These similarities further emphasize this familial relationship between perfume and the aromas of wine. No wonder people are asked not to wear perfume to wine tastings.

Refining one’s sense of smell and developing a ‘nose’ to fully appreciate perfume and wine takes years of training and practise.

I am continuing my apprenticeship.

 

References:

Matthew Jukes, wine writer.   http://www.MatthewJukes.com

Globe and Mail   http://www.globeandmail.com

Nathalie Atkinson, journalist     http://www.nathalieatkinson.com

Wine and Spirit Education Trust (WSET)   http://www.wsetglobal.com

Dr Rachel Herz, neuroscientist,     http://www.rachelherz.com

 

 

Portfolio Tasting, London: something new, something remembered

I hear the buzz of conversation before I see the people.   Mid morning chat is at a gentle hum as people from across London and elsewhere greet each other and settle down to the serious business of a portfolio tasting courtesy of Davy’s Wine Merchants established in 1870.

Davy's Portfolio Tasting

Davy’s Portfolio Tasting

 

I have been thinking about historical context quite a bit recently, so I am distracted by considering the age of this business and thinking about what was going on when Davy’s Wine Merchants was established.   A time of upheaval and change in Europe with revolutions in the mid century and the unification of Italy a year later.   Queen Victoria was well established on the English throne and the Victorian writers: Trollope, Dickens, Elliot, Hardy were writing books that have become classics of English Literature.   I admire the skill and tenacity required to build and sustain a business over that length of time: 146 years.     Certainly, it speaks to the ongoing public interest in enjoying quality wines.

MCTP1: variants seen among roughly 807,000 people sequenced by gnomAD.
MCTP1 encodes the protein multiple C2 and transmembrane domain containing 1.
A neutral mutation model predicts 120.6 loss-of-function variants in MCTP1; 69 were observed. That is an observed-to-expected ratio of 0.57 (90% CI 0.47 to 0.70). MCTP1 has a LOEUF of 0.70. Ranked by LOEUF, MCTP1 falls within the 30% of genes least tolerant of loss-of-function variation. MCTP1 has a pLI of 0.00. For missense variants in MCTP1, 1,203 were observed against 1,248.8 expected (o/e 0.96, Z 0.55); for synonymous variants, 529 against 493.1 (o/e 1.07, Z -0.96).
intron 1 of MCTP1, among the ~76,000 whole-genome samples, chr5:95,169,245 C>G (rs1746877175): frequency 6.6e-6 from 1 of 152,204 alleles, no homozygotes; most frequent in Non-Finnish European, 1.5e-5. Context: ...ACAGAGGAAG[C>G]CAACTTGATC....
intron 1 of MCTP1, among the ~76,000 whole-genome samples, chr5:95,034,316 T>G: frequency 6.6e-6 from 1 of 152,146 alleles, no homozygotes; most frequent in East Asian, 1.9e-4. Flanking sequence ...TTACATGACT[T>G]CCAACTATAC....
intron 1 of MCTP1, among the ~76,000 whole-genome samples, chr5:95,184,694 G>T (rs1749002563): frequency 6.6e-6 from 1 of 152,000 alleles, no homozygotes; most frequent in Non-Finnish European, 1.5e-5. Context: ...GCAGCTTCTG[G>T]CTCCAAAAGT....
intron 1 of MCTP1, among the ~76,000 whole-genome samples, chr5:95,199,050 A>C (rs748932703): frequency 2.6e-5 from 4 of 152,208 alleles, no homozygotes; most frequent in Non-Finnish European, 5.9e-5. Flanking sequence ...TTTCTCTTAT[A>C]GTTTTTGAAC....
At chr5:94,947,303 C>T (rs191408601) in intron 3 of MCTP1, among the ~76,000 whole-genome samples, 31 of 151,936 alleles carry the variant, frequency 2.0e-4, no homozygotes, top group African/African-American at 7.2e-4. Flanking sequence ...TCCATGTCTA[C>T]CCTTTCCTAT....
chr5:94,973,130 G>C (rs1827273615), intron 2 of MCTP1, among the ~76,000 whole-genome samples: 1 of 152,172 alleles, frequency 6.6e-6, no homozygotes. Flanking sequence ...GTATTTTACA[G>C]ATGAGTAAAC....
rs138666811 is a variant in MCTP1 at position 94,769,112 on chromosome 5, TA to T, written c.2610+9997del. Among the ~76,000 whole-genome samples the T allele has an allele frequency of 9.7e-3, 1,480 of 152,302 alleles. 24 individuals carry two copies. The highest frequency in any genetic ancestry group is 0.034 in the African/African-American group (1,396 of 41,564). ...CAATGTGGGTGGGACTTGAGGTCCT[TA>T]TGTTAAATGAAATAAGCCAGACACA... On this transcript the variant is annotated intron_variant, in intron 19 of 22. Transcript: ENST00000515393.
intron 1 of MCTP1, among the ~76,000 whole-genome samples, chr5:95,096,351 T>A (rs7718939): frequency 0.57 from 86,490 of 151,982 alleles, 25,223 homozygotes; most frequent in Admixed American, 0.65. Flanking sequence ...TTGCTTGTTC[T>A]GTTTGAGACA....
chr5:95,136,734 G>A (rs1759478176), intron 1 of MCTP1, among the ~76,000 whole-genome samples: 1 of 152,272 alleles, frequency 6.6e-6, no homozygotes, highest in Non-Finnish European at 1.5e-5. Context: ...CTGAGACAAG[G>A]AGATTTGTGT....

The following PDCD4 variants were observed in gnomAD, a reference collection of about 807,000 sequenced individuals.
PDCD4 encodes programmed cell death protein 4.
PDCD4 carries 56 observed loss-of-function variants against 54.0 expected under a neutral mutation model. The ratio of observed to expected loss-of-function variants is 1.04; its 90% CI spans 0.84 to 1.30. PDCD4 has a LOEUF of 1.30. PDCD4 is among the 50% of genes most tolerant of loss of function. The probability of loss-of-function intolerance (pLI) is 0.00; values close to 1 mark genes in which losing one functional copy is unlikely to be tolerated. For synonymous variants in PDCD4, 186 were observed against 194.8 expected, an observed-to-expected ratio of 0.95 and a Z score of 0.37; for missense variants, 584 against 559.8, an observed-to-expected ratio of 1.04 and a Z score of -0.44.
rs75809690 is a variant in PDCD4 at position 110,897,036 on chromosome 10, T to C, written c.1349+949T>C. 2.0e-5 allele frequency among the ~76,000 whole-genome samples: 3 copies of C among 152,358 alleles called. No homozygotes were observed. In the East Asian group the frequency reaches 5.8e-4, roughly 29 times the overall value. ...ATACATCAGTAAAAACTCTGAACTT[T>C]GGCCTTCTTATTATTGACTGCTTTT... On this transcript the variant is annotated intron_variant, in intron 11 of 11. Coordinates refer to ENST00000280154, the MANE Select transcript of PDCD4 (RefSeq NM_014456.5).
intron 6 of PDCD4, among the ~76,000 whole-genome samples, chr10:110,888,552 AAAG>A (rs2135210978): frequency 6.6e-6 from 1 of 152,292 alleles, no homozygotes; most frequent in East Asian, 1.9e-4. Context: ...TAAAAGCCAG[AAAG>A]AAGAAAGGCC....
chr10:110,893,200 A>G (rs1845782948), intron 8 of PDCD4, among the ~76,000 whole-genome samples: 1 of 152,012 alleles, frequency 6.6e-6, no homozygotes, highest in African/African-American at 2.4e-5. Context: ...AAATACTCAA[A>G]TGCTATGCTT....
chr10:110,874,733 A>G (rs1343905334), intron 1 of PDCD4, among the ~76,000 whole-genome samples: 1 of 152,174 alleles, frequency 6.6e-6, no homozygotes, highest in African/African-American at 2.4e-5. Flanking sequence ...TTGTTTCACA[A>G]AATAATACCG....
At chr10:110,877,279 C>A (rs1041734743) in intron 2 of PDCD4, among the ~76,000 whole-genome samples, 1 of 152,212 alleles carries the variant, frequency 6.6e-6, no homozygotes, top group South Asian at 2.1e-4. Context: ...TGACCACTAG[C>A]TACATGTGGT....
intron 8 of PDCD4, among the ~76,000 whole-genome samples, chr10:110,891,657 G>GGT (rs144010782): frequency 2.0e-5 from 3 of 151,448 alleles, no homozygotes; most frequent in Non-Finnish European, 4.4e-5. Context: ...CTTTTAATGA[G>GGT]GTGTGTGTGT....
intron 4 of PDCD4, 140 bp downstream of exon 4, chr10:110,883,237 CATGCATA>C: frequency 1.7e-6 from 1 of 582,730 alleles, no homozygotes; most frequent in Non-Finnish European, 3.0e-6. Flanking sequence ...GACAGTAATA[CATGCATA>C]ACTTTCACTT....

So back to the business at hand: sampling some of the wines presented by wine producers and/or the Davy’s Team.   It’s an impressive sight in the Hall of India and Pakistan at The Royal Over-Seas League house in St. James’s, London.   31 Tables with over 250 wines presented representing all the classic wine growing areas of the Old and New Worlds and developing wine growing areas such as England itself.

It would take a great deal of time to do justice to the large selection of wines at this tasting. After walking around the room and looking at all 31 tables, I resolve that the only way to take advantage of this opportunity is to be selective in my approach.

I taste a number of wines presented by Jean Becker from Alsace in France.   Their Pinot Gris 2013, soft, with peach fruit aromas; Gewürztraminer 2013, violets and very floral aromas, Riesling Vendanges Tardives Kronenbourg 2009, smooth, honeyed, acidic, and excellent for sweet and sour dishes.

I move on to Bodegas Miguel Merino Rioja, from Spain and really enjoyed the Miguel Merino Gran Reserva 2008, a beautiful rioja nose on the wine, smooth and long.

Vini Montauto, Maremma, Tuscany

Vini Montauto, Maremma, Tuscany

Italian wines from the organic wine producer, Azienda Agricola Montauto, in Maremma, Tuscany are something new and stand out wines for me. Their winemaking philosophy is to make wines that support food, not overpower it.     I particularly enjoyed their white wine: Montauto Vermentino Malvasia 2014.   There is considerable length to the wine, with deep and balanced fruit aromas.   At 13% alc./vol it is a very drinkable wine.  Vermentino and Malvasia are grape varieties typical of this area in Tuscany along with Trebbiano and Grechetto.   Sauvignon Blanc from neighbouring France has found a natural home in the area too. The Maremma area of Tuscany looks like an area worth visiting for its natural beauty, historical interest and microclimate supporting viticulture and the organic wines themselves.